Plano home sellers are sure to hear one piece of advice again and again: “declutter.”
It’s the simplest of concepts; not in the least controversial. Nobody could convincingly argue that Plano homes whose rooms are populated with bric-a-brac are more likely to attract buyers than are those without. That’s just common sense.
Which raises its own issue. If the de-clutter admonition is so self-evident, how come it needs to be made at all? The answer (and this is now the subject of an entire book!) is because, regardless of how good an idea decluttering may be, when put into practice, it encounters a lot of resistance.
Before delving into this any further, it’s only fair to give credit where credit is due: the book in question is Christy Diane Farr’s first effort titled “Is Home Your Happy Place?”—and is fully deserving of its unanimous five stars on Amazon.
The resistance that many of us feel when called upon to get rid of “stuff” is a common phenomenon. You don’t have to be a pack rat, hoarder, or shopaholic to recognize within yourself an irrational streak that resists letting go of some object or another. Even if it’s one that is of no earthly value now (or ever).
Although “Happy Place” is half-humorous, it’s really a self-help book. The author admits to offering information about “how to change your life.” Clearing rooms to prepare for your Plano open house doesn’t require a whole lot of life-changing, but it can impinge on a related thread. The whole moving from one home to a new one is, after all, one of life’s major events.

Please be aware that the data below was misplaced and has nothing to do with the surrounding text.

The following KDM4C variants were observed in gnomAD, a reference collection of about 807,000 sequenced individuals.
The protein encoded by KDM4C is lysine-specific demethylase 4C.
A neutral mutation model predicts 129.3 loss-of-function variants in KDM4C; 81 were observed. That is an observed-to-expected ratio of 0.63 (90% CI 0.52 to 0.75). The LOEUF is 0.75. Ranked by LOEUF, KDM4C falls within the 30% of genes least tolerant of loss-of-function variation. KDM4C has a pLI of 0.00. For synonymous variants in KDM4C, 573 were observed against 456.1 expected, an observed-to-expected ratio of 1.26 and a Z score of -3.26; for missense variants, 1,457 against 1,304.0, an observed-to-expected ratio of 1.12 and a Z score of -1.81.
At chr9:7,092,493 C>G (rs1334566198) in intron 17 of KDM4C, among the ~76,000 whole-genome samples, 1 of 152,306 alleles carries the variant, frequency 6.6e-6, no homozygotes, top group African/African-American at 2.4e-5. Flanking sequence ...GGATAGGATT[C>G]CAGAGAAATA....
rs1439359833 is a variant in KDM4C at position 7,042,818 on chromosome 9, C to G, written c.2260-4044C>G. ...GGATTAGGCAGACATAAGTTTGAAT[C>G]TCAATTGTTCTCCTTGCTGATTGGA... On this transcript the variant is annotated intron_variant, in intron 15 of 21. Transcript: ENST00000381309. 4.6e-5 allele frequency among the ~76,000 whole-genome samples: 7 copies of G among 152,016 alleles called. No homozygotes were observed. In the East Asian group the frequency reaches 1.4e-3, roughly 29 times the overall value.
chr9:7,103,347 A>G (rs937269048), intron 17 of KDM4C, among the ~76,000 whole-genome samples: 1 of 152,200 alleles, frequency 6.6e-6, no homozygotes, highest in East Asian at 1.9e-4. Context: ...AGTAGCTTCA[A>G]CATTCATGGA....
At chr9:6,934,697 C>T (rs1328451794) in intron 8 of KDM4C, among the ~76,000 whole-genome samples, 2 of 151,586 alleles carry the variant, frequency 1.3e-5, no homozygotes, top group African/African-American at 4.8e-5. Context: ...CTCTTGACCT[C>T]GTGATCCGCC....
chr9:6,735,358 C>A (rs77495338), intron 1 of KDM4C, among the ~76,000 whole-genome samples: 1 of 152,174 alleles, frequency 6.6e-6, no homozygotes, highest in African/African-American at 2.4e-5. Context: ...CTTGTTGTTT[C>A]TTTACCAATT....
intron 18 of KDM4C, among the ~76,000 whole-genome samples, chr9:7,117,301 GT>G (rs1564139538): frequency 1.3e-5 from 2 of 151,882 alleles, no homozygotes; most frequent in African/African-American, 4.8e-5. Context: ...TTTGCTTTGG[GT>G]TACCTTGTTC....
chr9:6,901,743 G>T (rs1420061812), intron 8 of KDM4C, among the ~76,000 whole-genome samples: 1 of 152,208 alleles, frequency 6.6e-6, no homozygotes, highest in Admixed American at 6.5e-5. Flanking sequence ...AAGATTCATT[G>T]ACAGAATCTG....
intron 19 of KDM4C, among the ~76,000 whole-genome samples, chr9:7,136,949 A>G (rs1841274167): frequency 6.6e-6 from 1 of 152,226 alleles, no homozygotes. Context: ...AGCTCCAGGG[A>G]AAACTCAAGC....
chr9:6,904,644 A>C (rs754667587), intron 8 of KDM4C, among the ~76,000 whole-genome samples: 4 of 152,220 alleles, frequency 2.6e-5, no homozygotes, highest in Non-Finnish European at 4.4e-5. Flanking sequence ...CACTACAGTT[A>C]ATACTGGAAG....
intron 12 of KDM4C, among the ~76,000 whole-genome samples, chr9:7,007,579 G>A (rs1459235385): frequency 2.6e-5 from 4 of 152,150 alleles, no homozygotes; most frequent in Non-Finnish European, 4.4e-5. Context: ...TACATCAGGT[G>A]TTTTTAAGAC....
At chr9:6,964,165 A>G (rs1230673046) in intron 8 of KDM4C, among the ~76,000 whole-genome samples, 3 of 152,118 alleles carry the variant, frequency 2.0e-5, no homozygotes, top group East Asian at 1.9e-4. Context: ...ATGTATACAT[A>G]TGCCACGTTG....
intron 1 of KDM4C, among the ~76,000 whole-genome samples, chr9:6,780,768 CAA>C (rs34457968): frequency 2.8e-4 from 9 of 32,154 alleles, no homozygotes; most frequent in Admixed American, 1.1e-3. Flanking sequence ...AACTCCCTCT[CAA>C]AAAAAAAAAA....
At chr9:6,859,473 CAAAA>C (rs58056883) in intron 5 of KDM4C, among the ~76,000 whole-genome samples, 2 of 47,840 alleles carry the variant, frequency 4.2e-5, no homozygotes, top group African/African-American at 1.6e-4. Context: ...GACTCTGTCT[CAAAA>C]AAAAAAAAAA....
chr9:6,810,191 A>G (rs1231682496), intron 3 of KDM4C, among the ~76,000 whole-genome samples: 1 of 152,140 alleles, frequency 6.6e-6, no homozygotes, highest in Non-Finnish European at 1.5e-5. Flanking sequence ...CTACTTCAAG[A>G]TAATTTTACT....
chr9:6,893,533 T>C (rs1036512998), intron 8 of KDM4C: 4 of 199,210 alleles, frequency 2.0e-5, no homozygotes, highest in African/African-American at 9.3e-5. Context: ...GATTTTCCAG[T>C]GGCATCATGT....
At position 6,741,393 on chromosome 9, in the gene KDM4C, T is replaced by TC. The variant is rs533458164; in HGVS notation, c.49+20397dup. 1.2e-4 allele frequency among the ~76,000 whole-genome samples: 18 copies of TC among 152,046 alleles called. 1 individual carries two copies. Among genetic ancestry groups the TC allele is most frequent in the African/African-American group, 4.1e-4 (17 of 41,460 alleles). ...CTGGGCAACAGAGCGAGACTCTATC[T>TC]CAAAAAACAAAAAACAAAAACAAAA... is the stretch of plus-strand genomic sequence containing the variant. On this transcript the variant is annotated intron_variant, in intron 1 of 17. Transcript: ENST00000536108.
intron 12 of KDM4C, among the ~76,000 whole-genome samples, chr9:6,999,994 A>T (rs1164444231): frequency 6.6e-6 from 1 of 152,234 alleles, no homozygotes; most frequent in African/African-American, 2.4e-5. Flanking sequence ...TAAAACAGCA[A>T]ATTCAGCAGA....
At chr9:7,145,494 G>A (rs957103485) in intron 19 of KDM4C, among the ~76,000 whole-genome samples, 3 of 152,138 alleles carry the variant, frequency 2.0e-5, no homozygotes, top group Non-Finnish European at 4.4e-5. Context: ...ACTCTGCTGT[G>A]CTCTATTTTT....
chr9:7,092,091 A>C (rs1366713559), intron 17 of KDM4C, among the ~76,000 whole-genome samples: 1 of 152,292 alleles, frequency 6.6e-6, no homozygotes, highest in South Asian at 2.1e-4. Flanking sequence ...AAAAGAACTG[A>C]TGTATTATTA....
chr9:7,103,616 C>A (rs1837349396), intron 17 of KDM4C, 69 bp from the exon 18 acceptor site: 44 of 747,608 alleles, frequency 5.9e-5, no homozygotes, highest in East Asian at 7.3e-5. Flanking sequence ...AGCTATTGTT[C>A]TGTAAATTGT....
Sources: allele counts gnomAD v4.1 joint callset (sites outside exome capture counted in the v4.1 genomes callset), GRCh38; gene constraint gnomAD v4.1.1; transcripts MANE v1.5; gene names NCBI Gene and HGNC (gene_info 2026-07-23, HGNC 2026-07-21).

So the author is on firm ground when she takes the subject of clutter seriously—and the galaxy of things that, left unchecked, wind up filling people’s living spaces. Her classifications include everything from the inexplicable (“Stuff that’s broken,” “Stuff that’s expired”) to the personally problematical (“Stuff that makes you hang onto an unpleasant past”).
My personal favorite is “Stuff that used to be a good idea.” Especially when you find yourself tossing an object that you thought would come in handy (but which never did), let’s face it: that’s admitting defeat! More difficult can be clearing away and letting go of objects that we connect with other people and places from our past. Author Farr is expert at humorously coaxing readers into disconnecting the emotional ties to things.
When all is said and done, decluttering Plano homes when they go up for sale winds up being well worth the work. More than one client has been pleasantly surprised by how much better they feel when there’s no longer the usual daily disarray to contend with. That’s not surprising if you believe that the better your home feels, the better you will feel—not to mention how much faster it will sell.
Another way to speed a sale even further: give Hood Realty a call!